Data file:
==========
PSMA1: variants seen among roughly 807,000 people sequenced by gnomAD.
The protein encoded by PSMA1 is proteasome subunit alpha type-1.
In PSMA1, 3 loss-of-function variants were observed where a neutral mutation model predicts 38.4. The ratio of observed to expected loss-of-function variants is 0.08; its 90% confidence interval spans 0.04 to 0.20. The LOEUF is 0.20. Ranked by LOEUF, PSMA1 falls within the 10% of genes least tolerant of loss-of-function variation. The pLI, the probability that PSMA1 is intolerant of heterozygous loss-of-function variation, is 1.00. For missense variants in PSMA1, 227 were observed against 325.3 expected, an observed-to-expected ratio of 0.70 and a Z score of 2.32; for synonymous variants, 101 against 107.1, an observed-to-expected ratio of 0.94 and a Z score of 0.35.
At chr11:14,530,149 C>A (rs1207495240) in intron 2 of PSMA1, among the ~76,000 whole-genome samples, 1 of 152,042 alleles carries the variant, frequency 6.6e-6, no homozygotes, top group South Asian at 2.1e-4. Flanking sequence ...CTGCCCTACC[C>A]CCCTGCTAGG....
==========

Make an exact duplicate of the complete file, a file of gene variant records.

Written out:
PSMA1: variants seen among roughly 807,000 people sequenced by gnomAD.
The protein encoded by PSMA1 is proteasome subunit alpha type-1.
In PSMA1, 3 loss-of-function variants were observed where a neutral mutation model predicts 38.4. The ratio of observed to expected loss-of-function variants is 0.08; its 90% confidence interval spans 0.04 to 0.20. The LOEUF is 0.20. Ranked by LOEUF, PSMA1 falls within the 10% of genes least tolerant of loss-of-function variation. The pLI, the probability that PSMA1 is intolerant of heterozygous loss-of-function variation, is 1.00. For missense variants in PSMA1, 227 were observed against 325.3 expected, an observed-to-expected ratio of 0.70 and a Z score of 2.32; for synonymous variants, 101 against 107.1, an observed-to-expected ratio of 0.94 and a Z score of 0.35.
At chr11:14,530,149 C>A (rs1207495240) in intron 2 of PSMA1, among the ~76,000 whole-genome samples, 1 of 152,042 alleles carries the variant, frequency 6.6e-6, no homozygotes, top group South Asian at 2.1e-4. Flanking sequence ...CTGCCCTACC[C>A]CCCTGCTAGG....